This big event turns out to be somewhat underwhelming, with a pathetic excuse for a “parade” led by a handful of baton twirlers and an Uncle Sam-ish clown, whose comedy stylings we are intermittently forced to suffer through. (Although thankfully, we never do hear the punchline to the one about the drunken Scotsman covered in cow dung.) Tillie sends Tommy and Jamie on their way with an admonition to make sure they keep their walkie-talkie switched on; and as the competing kids go through their practice runs in their little one- and two-person sailing-boats, we cut back to Ocean Beach – fifty miles up the road, remember – where Turner, Robards and Gleason are mulling over recent events, with Gleason insisting again that only a giant octopus could be responsible, although he can’t say what set it off. (And naturally, Whitehead & Co. aren’t telling.)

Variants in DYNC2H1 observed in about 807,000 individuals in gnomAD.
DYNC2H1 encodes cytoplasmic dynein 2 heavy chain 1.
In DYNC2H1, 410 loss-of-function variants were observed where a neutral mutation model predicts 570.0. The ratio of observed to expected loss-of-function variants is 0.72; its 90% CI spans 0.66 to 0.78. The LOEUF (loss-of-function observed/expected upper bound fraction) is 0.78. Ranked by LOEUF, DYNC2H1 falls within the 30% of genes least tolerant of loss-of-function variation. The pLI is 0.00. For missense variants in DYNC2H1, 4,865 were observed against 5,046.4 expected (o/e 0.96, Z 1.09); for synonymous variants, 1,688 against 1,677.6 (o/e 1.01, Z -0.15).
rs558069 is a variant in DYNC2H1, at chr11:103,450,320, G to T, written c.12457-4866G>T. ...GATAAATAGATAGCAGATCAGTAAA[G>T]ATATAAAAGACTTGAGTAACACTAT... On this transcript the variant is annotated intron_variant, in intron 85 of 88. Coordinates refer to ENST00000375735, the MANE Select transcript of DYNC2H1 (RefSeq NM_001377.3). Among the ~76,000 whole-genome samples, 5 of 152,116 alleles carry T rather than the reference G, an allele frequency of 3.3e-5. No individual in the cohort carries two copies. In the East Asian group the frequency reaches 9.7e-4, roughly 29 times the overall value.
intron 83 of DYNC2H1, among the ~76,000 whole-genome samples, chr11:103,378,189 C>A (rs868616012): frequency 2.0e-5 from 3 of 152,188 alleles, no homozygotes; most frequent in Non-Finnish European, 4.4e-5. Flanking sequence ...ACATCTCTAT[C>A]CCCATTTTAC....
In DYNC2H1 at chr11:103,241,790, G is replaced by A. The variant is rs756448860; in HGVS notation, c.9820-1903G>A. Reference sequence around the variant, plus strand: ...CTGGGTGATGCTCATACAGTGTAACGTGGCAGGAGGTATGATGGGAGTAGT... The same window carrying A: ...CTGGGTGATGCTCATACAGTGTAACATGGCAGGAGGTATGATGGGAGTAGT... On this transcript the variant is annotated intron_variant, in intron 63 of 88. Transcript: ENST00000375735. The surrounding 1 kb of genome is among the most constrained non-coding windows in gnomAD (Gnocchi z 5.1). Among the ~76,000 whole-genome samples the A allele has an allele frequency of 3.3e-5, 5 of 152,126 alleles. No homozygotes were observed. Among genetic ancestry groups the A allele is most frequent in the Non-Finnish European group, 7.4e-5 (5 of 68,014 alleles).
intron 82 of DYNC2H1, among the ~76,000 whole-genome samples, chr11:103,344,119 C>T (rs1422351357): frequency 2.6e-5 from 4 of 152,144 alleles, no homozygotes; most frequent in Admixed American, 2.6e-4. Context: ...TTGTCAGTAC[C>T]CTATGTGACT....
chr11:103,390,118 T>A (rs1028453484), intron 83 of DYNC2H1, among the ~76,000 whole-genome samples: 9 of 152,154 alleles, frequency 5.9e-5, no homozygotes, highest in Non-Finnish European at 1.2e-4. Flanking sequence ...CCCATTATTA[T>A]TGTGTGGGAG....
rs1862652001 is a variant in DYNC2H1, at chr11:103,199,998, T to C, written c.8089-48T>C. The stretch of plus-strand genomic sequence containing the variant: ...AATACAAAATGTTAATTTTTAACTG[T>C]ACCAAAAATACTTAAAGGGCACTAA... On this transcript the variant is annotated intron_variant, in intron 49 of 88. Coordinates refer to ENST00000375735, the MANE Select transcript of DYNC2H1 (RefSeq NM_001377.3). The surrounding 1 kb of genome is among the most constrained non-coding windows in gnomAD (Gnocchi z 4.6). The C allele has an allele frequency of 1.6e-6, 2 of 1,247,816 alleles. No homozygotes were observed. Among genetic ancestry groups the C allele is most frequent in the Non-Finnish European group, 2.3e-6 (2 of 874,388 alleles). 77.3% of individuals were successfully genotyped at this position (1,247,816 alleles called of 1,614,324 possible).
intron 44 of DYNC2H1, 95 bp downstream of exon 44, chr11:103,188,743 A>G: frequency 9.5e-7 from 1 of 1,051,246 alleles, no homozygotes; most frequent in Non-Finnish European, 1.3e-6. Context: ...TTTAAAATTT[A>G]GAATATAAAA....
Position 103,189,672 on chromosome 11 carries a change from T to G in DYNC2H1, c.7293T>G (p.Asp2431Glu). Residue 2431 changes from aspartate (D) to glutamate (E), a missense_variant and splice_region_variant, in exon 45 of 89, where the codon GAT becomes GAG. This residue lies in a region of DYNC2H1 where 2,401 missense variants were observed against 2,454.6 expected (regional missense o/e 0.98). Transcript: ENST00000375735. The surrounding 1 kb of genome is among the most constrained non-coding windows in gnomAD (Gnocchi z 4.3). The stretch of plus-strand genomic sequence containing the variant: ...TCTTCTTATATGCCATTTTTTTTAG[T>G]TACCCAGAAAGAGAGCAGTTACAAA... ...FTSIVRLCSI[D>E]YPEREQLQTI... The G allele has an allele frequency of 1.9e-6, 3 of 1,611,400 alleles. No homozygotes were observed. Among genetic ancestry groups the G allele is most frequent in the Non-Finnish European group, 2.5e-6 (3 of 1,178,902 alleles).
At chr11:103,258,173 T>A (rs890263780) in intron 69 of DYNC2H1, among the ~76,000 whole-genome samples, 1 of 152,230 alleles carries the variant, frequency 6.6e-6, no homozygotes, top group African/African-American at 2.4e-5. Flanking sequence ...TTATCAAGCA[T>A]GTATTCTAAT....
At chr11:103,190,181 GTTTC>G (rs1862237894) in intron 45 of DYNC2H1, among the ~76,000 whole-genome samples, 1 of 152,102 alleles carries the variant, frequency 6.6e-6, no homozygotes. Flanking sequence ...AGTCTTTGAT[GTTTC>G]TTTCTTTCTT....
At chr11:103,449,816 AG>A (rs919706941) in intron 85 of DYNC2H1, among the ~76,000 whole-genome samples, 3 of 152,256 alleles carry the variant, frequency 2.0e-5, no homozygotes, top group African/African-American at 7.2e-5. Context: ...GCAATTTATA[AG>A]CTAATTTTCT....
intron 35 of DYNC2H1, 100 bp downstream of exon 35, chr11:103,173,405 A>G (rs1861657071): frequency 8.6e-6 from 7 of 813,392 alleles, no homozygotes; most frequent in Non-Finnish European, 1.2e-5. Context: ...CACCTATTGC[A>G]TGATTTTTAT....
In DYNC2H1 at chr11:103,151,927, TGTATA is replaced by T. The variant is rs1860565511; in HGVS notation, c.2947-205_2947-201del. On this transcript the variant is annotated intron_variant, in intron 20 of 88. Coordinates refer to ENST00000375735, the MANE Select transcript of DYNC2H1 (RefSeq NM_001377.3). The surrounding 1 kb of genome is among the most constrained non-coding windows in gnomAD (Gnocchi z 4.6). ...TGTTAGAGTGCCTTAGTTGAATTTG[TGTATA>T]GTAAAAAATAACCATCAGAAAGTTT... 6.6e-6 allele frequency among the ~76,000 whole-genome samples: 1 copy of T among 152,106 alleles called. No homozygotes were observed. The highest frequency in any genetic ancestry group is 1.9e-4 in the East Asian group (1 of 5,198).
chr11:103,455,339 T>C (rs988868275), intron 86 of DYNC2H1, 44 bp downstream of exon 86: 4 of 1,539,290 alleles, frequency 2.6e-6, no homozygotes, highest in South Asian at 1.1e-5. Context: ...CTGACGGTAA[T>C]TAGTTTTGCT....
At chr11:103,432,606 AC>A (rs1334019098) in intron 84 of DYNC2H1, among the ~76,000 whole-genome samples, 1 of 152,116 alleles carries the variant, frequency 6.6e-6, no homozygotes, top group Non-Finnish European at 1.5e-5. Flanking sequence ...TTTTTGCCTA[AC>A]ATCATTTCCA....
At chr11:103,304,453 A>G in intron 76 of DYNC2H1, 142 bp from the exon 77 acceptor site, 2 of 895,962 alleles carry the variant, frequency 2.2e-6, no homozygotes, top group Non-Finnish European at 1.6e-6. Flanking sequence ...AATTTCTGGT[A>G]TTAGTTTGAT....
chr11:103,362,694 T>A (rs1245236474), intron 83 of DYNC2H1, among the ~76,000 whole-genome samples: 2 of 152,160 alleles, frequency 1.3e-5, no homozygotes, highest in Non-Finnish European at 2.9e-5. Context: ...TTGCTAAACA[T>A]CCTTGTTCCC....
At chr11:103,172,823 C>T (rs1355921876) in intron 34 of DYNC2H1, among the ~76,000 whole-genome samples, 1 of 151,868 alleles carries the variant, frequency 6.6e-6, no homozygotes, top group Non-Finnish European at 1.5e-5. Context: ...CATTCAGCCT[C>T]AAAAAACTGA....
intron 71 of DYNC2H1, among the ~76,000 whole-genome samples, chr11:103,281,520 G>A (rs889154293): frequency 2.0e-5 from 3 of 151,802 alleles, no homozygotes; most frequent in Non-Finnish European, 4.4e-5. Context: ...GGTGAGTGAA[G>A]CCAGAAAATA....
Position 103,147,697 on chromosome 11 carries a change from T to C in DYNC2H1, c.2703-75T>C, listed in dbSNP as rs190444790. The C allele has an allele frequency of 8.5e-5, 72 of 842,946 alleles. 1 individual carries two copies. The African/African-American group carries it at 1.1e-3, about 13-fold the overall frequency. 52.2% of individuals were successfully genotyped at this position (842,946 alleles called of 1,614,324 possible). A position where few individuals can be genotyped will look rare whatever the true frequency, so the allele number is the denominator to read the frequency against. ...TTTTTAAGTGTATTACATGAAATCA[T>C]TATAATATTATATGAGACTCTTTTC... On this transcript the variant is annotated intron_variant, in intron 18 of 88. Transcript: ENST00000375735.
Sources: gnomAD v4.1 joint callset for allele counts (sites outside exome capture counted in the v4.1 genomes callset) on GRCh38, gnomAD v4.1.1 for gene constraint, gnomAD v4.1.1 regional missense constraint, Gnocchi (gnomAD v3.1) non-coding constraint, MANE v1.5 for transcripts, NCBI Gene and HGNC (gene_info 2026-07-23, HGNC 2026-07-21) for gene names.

The meeting is interrupted by Mrs Docherty. Who is Mrs Docherty? – Jamie’s mother, a two-job single parent, hence Tillie’s constant supervision of the boy. Anyway, Mrs Docherty has wangled a rare day off, and has come to see whether Ned Turner would like to go with her to watch the regatta?
“MY GOD! THE RACE!!”
As I say, this belated penny-drop isn’t as bad as it seems; and what’s more, they actually have closed the beaches…at least for thirty miles either side of Ocean Beach. Turner worriedly questions whether this is enough; and while logic would dictate that, well, of course it bloody is, this is a Jaws rip-off, so the correct answer is, no, of course it bloody isn’t.
You can see how calling this thing off would damage the local economy.
The sheriff takes action to get the danger zone increased, while Turner tells Gleason sternly that the octopus must be destroyed: “Can you do it?” Gleason assures Turner that he has only one thought (and, now that you mention it, only one expression), but fails to share with him what it is. We assume it is of his secret weapon. His beautiful, charismatic, engaging secret weapon.